While the trade of a face-of-the-franchise player like McCutchen was undoubtedly frustrating for the fan base, it’s paying off now. Crick had some decent results at times for the Pirates but was ultimately released in 2021. The real coup of the deal is Reynolds, who has emerged as a new face-of-the-franchise player for Pittsburgh. He’s hit 79 home runs in his career and is currently sitting on a batting line of .282/.359/.484. He’s set for free agency after 2025, which has made him the constant subject of rumors, both the trade and extension variety. To date, both paths are still open, making it unclear if Reynolds will be part of the next playoff club in Pittsburgh or an extra bullet added to the bottom of this list.
- January 27, 2020: Diamondbacks acquire Starling Marte and cash for Liover Peguero, Brennan Malone and international spending money.
The Pirates managed to sneak above .500 in 2018 but had a dismal season after that, going 69-93 in 2019, making it unsurprising that the selloff continued. Marte had previously signed an extension with the Bucs that ran through 2019 but had two affordable option years, meaning he still had a couple of years of control at the time of this trade. But with contention in that time frame seeming unlikely, he was sent to the desert.
Malone is now 22 years old and has yet to climb higher than Class-A in the minors. Injuries and the pandemic have limited him to fewer than 30 professional innings. Peguero in on the 40-man roster and made his MLB debut last year, though he got into just a single game. His prospect rank has faded in recent years, but he was still considered to be among the 10 best in the system as of the start of this season. He’s off to a slow start this year in a small sample of 11 Double-A games, so he’ll have to turn things around to stop his stock from falling further.
- January 19, 2021: In a three-team trade, the Padres acquire Joe Musgrove and the Mets acquire Joey Lucchesi while the Pirates receive David Bednar, Endy Rodriguez, Hudson Head, Drake Fellows and Omar Cruz.
As mentioned earlier, Musgrove had established himself as a viable starter, enough to reap a pile of prospects that has already worked out well for the Bucs. Bednar has become one of the better relievers in the game, currently sporting a 2.82 ERA and 31.3% strikeout rate while racking up 30 saves. The fact that he happens to be a Pittsburgh kid is just icing on the cake. He’s yet to reach arbitration and isn’t slated for free agency until the 2026-27 offseason.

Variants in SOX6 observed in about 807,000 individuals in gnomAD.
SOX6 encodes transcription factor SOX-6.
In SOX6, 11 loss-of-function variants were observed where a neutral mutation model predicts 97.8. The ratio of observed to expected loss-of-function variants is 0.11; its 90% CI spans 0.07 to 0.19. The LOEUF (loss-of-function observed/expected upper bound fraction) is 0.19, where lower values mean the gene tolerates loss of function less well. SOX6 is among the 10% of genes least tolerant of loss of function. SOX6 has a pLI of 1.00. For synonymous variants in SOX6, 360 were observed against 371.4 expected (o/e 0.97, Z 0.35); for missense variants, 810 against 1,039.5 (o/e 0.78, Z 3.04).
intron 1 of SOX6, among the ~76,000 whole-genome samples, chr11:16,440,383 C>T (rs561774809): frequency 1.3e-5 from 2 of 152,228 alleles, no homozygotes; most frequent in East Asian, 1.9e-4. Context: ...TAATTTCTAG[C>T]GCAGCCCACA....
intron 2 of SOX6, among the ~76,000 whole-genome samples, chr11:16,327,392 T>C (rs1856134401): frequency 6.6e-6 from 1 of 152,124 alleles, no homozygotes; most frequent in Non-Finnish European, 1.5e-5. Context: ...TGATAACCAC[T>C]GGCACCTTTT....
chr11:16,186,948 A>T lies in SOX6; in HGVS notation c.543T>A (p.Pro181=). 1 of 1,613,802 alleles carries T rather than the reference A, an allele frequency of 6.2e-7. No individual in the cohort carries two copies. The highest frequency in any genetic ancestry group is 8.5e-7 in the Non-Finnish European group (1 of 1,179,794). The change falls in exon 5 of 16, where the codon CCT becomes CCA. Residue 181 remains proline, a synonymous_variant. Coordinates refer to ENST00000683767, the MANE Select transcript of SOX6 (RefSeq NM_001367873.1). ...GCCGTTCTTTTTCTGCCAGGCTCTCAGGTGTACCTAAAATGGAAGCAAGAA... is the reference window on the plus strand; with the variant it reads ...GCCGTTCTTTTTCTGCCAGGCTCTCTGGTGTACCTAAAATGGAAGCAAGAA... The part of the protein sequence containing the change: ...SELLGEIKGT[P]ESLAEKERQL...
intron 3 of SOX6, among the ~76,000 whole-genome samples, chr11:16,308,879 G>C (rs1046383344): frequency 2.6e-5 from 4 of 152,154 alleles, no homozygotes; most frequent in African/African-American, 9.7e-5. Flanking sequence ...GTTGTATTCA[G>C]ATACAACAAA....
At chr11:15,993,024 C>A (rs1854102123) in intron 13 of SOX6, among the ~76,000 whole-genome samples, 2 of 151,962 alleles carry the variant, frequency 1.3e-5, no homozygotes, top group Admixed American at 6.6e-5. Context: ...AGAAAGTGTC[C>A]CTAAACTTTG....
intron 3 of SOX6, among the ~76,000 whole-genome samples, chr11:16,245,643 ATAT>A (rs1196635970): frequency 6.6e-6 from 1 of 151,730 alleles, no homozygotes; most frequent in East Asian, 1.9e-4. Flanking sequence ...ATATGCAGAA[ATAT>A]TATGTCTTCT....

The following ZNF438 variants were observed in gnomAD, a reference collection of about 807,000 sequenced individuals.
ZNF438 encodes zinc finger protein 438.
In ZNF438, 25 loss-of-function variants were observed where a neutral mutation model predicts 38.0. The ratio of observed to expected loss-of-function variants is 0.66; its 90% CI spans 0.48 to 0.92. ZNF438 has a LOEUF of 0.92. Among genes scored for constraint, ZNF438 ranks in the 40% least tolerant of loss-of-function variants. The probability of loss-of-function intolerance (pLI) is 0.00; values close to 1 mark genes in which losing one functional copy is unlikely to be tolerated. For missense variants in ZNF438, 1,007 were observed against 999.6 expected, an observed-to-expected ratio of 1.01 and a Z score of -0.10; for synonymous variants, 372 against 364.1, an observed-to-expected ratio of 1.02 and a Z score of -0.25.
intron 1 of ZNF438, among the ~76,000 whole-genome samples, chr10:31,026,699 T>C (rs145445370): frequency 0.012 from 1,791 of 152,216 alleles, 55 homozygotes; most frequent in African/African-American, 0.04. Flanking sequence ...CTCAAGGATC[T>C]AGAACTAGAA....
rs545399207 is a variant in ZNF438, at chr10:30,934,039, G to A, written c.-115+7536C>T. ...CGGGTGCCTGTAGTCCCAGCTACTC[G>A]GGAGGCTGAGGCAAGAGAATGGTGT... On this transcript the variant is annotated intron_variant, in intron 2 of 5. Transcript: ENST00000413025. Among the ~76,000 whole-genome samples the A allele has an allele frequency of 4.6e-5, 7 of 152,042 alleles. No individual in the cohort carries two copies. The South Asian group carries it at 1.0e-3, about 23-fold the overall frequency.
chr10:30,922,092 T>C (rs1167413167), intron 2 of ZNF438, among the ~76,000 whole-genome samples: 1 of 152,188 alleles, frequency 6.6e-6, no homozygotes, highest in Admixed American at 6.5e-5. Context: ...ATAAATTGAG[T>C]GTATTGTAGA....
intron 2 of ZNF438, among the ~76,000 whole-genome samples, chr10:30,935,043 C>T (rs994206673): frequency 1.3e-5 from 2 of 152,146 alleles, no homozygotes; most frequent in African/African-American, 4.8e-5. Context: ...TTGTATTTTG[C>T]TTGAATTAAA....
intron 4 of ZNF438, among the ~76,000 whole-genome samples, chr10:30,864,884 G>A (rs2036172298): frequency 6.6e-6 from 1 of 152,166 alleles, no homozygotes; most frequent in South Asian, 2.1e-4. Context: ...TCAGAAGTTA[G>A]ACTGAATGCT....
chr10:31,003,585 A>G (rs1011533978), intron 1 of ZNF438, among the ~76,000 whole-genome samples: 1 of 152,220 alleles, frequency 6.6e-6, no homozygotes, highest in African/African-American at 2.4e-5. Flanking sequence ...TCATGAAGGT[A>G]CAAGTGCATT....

There’s still plenty of time for the Bucs to get even more out of this deal as well, as the other four players are still in their system. The most notable of them is Rodríguez, who is on the 40-man roster but hasn’t made it to the majors just yet. The catcher/infielder/outfielder is a versatile player with a potent bat, making him one of the most highly-touted prospects in the sport. He’s considered to be one of the top 50 prospects in the league by each of Baseball America, FanGraphs, Kiley McDaniel of ESPN, Keith Law of The Athletic and MLB Pipeline.
- January 24, 2021: Yankees acquire Jameson Taillon for Roansy Contreras, Miguel Yajure, Maikol Escotto and Canaan Smith-Njigba.
Taillon had some good seasons working in the Pittsburgh rotation from 2016 to 2018, but Tommy John surgery wiped out most of his 2019 and all of his 2020. He was set to return to the mound in 2021 when he still had a couple of years of control remaining. Despite the injury uncertainty, the Yankees believed in Taillon enough to acquire those two seasons, sending four prospects to Pittsburgh in exchange.
Yajure is already gone from the organization and Escotto’s prospect stock has fallen off, but the other two players are still on the roster. Most evaluators project Smith-Njigba for a bench/utility role, though he’s still young, turning 24 this coming weekend. Regardless, the most significant player in this batch seems to be Contreras, as he’s already in the club’s rotation. He has a 3.84 ERA through his first 119 2/3 innings in the big leagues and isn’t slated for free agency until after 2028. If he can continue to hold his own against major league hitters, then the Pirates have a rotation building block in place for the foreseeable future.
- July 26, 2021: Padres acquire Adam Frazier for Jack Suwinski, Tucupita Marcano and Michell Miliano.
Frazier was drafted by the Pirates and had spent his entire career with them up until this point, establishing himself as a solid utility option. His bat was roughly around league average, a useful asset for a player who could be plugged in at almost any position on the diamond. He was having a BABIP-backed spike in 2021, hitting .324/.388/.448 when the Pirates sold high, trading him away while he still had a year and a half of control remaining, getting three young players in return.